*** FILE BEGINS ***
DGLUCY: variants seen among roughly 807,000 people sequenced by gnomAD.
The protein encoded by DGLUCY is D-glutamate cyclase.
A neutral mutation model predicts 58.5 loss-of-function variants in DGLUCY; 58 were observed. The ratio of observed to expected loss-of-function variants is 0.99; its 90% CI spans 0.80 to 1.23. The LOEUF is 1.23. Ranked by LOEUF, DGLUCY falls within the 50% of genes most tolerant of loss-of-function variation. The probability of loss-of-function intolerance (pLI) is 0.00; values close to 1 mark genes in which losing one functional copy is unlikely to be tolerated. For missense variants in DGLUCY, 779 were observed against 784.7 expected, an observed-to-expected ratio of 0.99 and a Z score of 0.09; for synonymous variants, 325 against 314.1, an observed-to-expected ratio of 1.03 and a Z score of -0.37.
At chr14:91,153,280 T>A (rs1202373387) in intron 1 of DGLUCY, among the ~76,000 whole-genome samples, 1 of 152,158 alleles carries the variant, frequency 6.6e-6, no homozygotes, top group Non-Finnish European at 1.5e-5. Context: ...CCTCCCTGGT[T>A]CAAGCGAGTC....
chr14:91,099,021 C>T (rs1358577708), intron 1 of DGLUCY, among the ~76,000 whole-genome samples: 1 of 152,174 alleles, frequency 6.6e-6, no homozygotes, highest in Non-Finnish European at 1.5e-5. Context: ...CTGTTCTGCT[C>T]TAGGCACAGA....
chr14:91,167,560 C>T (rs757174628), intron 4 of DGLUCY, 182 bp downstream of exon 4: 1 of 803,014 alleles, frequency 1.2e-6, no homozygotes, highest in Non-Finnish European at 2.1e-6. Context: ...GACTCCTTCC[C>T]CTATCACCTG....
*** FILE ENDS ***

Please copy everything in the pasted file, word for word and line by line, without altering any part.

DGLUCY: variants seen among roughly 807,000 people sequenced by gnomAD.
The protein encoded by DGLUCY is D-glutamate cyclase.
A neutral mutation model predicts 58.5 loss-of-function variants in DGLUCY; 58 were observed. The ratio of observed to expected loss-of-function variants is 0.99; its 90% CI spans 0.80 to 1.23. The LOEUF is 1.23. Ranked by LOEUF, DGLUCY falls within the 50% of genes most tolerant of loss-of-function variation. The probability of loss-of-function intolerance (pLI) is 0.00; values close to 1 mark genes in which losing one functional copy is unlikely to be tolerated. For missense variants in DGLUCY, 779 were observed against 784.7 expected, an observed-to-expected ratio of 0.99 and a Z score of 0.09; for synonymous variants, 325 against 314.1, an observed-to-expected ratio of 1.03 and a Z score of -0.37.
At chr14:91,153,280 T>A (rs1202373387) in intron 1 of DGLUCY, among the ~76,000 whole-genome samples, 1 of 152,158 alleles carries the variant, frequency 6.6e-6, no homozygotes, top group Non-Finnish European at 1.5e-5. Context: ...CCTCCCTGGT[T>A]CAAGCGAGTC....
chr14:91,099,021 C>T (rs1358577708), intron 1 of DGLUCY, among the ~76,000 whole-genome samples: 1 of 152,174 alleles, frequency 6.6e-6, no homozygotes, highest in Non-Finnish European at 1.5e-5. Context: ...CTGTTCTGCT[C>T]TAGGCACAGA....
chr14:91,167,560 C>T (rs757174628), intron 4 of DGLUCY, 182 bp downstream of exon 4: 1 of 803,014 alleles, frequency 1.2e-6, no homozygotes, highest in Non-Finnish European at 2.1e-6. Context: ...GACTCCTTCC[C>T]CTATCACCTG....